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Klemp v. State


January 11, 2010


On appeal from the Superior Court of New Jersey, Law Division, Mercer County, Docket No. L-945-07.

Per curiam.


Argued October 20, 2009

Before Judges Skillman and Gilroy.

Plaintiff Katherine Klemp appeals from the December 5, 2008 order that dismissed her amended complaint for failure to state a claim upon which relief can be granted, R. 4:6-2(e). We affirm in part; reverse in part; and remand for further proceedings.

Plaintiff is employed as a detective by the Division of State Police (Division) of the New Jersey Department of Law and Public Safety, having been sworn in as a State Trooper in November 1998. In February 2004, the Division transferred plaintiff to the Organized Crime Central Unit (OCCU). Defendant Lieutenant James Fish was in charge of OCCU; defendant Sergeant First Class Michael Sovey was second in command; and defendant Sergeant Walter Kavanaugh was attached to the OCCU. Plaintiff remained in OCCU until reassigned to the Digital Technology Investigations Unit on April 30, 2005.

On April 17, 2007, plaintiff filed a complaint against the Division, the individual defendants, the New Jersey Department of Law and Public Safety, and the New Jersey Office of Workplace Policy Administration and Enforcement, alleging that defendants had violated the Law Against Discrimination (LAD), N.J.S.A. 10:5-1 to -49, by subjecting her to hostile work environment gender discrimination, and retaliating against her for having cooperated with an anonymous complaint to the Division's Equal Employment Opportunity/Affirmative Action Office (EEO/AA) concerning the derogatory and abusive manner in which the individual defendants had treated her. In lieu of filing an answer, defendants filed a motion seeking to dismiss the complaint for plaintiff's failure to state a claim upon which relief can be granted, contending that her claims were time barred.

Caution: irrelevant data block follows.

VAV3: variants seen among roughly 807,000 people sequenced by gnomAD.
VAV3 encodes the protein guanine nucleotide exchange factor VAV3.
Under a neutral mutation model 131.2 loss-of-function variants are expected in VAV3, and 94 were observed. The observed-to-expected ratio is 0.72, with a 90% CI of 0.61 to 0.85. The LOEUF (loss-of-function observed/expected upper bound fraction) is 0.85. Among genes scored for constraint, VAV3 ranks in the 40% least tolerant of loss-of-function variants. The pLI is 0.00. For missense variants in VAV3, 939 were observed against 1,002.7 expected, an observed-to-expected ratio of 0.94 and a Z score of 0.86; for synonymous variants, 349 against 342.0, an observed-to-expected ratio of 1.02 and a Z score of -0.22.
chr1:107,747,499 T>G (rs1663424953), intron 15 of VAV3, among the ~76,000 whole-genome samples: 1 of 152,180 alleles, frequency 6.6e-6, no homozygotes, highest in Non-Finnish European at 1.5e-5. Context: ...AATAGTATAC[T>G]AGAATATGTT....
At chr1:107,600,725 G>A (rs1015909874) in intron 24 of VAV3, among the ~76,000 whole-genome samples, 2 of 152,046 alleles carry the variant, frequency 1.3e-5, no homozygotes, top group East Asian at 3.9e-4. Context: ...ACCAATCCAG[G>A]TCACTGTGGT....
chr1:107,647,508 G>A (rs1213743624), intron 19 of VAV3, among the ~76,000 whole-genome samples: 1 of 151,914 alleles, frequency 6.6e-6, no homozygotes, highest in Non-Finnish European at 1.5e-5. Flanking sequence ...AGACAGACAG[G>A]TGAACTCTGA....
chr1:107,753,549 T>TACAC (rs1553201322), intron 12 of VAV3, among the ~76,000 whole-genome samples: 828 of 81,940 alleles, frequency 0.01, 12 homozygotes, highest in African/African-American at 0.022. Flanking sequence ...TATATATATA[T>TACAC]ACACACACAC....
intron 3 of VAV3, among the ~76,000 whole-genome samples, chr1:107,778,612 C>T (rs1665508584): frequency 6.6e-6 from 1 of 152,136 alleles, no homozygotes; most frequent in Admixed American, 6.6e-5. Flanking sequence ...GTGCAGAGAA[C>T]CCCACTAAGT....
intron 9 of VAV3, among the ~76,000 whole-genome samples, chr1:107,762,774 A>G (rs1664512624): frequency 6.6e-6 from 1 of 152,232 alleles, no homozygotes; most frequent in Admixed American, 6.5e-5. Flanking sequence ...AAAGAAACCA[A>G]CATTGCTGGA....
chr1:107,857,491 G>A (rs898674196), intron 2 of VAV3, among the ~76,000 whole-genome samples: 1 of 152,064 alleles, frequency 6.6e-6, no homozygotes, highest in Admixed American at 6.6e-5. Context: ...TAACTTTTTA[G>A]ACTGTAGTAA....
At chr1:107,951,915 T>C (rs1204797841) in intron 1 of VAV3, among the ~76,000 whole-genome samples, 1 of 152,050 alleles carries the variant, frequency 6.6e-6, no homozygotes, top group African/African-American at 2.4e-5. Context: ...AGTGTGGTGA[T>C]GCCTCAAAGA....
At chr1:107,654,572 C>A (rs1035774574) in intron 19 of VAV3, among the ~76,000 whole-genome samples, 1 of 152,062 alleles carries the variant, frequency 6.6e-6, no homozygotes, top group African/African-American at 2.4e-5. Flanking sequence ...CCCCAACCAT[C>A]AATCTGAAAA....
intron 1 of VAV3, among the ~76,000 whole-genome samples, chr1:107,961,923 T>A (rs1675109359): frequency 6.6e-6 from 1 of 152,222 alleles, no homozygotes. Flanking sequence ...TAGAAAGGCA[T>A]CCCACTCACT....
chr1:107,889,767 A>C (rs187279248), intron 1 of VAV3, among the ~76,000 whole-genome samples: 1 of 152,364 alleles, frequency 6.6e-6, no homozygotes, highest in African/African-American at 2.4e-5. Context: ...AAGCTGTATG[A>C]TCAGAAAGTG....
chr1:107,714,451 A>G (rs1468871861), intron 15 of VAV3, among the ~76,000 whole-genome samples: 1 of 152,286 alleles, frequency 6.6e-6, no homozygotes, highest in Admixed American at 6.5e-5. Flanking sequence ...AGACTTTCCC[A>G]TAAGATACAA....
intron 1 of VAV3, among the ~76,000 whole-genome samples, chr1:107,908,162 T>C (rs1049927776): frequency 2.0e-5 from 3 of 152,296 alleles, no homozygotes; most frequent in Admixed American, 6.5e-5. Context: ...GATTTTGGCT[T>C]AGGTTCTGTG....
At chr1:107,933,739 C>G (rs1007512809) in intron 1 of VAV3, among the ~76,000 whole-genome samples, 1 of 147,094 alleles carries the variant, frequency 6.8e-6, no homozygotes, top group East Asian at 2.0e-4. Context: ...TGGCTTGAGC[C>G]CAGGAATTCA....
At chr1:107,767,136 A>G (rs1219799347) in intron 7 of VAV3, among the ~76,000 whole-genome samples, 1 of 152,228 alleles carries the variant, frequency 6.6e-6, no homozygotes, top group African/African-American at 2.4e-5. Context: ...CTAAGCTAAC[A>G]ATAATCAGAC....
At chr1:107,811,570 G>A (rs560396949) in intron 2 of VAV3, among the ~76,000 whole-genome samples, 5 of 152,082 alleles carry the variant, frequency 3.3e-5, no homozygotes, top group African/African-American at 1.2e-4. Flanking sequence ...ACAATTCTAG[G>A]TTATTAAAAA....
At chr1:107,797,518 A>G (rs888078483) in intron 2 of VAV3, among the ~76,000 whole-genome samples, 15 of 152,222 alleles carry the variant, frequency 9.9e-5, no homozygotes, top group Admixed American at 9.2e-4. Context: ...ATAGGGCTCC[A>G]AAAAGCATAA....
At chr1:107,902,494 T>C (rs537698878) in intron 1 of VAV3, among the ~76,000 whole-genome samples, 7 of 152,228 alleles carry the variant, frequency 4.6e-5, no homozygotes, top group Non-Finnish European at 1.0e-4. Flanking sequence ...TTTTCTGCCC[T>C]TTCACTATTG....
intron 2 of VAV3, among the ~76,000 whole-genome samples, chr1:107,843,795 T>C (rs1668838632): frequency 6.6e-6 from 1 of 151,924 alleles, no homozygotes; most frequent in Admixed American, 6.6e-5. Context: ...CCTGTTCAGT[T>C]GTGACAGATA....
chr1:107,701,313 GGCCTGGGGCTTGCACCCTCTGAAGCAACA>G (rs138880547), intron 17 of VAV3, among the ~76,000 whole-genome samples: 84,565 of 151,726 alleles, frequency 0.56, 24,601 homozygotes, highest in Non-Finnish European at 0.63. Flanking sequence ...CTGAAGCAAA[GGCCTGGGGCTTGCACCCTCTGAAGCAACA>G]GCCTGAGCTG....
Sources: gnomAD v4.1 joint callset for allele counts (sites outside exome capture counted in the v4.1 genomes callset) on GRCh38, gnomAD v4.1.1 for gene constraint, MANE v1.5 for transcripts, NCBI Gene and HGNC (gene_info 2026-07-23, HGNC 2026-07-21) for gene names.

On August 17, 2007, the trial court granted defendants' motion. Plaintiff appealed, and we reversed, granting plaintiff leave to file an amended complaint "alleging with specificity the dates on which alleged incidents occurred, the identity of the actors involved in those incidents and the statutes allegedly violated." Klemp v. State of New Jersey, A-0064-07 (App. Div. July 18, 2008) (slip op. at 6).

On September 16, 2008, plaintiff filed an amended complaint alleging the same causes of action against defendants (counts one and two). Additionally, plaintiff sought an order compelling the Office of Workplace Policy Administration and Enforcement to complete its internal investigation of the individual defendants that it had commenced in March 2005 (count three). Lastly, plaintiff added a fourth count alleging that because of defendants' actions or omissions, she was receiving psychological counseling.

On October 7, 2008, defendants again moved to dismiss the complaint pursuant to Rule 4:6-2(e). Defendants contended that plaintiff had failed to state a claim of retaliation because she failed to allege she had suffered an adverse employment action. Defendant also asserted that plaintiff failed to state a claim for hostile work environment because the amended complaint failed to state that defendant's actions were gender based. On December 5, 2008, the trial court, agreeing with defendants' arguments, entered an order supported by an oral decision granting the motion.